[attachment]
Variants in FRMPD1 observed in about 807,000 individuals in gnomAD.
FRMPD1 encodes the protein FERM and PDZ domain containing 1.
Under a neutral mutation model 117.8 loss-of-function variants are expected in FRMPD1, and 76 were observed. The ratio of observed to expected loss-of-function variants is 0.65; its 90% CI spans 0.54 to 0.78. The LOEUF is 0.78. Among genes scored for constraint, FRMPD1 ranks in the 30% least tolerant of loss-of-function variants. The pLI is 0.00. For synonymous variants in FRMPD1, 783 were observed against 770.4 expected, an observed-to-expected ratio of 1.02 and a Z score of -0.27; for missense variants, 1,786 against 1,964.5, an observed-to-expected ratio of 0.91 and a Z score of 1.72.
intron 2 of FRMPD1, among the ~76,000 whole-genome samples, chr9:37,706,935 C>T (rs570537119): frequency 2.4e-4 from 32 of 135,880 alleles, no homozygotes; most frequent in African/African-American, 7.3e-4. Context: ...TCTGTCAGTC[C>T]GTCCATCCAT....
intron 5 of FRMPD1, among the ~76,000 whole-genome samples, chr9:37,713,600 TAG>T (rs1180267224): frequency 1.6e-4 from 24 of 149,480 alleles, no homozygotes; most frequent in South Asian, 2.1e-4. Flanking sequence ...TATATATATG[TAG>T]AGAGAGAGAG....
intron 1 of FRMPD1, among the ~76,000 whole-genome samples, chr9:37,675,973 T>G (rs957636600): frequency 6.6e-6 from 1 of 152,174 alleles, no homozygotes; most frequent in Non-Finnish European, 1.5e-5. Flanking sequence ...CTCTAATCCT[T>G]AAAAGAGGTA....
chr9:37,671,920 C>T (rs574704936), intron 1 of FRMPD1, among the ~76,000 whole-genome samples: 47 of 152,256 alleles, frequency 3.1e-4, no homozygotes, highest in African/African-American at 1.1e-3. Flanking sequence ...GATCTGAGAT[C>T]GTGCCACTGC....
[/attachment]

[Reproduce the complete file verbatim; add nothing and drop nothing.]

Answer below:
Variants in FRMPD1 observed in about 807,000 individuals in gnomAD.
FRMPD1 encodes the protein FERM and PDZ domain containing 1.
Under a neutral mutation model 117.8 loss-of-function variants are expected in FRMPD1, and 76 were observed. The ratio of observed to expected loss-of-function variants is 0.65; its 90% CI spans 0.54 to 0.78. The LOEUF is 0.78. Among genes scored for constraint, FRMPD1 ranks in the 30% least tolerant of loss-of-function variants. The pLI is 0.00. For synonymous variants in FRMPD1, 783 were observed against 770.4 expected, an observed-to-expected ratio of 1.02 and a Z score of -0.27; for missense variants, 1,786 against 1,964.5, an observed-to-expected ratio of 0.91 and a Z score of 1.72.
intron 2 of FRMPD1, among the ~76,000 whole-genome samples, chr9:37,706,935 C>T (rs570537119): frequency 2.4e-4 from 32 of 135,880 alleles, no homozygotes; most frequent in African/African-American, 7.3e-4. Context: ...TCTGTCAGTC[C>T]GTCCATCCAT....
intron 5 of FRMPD1, among the ~76,000 whole-genome samples, chr9:37,713,600 TAG>T (rs1180267224): frequency 1.6e-4 from 24 of 149,480 alleles, no homozygotes; most frequent in South Asian, 2.1e-4. Flanking sequence ...TATATATATG[TAG>T]AGAGAGAGAG....
intron 1 of FRMPD1, among the ~76,000 whole-genome samples, chr9:37,675,973 T>G (rs957636600): frequency 6.6e-6 from 1 of 152,174 alleles, no homozygotes; most frequent in Non-Finnish European, 1.5e-5. Flanking sequence ...CTCTAATCCT[T>G]AAAAGAGGTA....
chr9:37,671,920 C>T (rs574704936), intron 1 of FRMPD1, among the ~76,000 whole-genome samples: 47 of 152,256 alleles, frequency 3.1e-4, no homozygotes, highest in African/African-American at 1.1e-3. Flanking sequence ...GATCTGAGAT[C>T]GTGCCACTGC....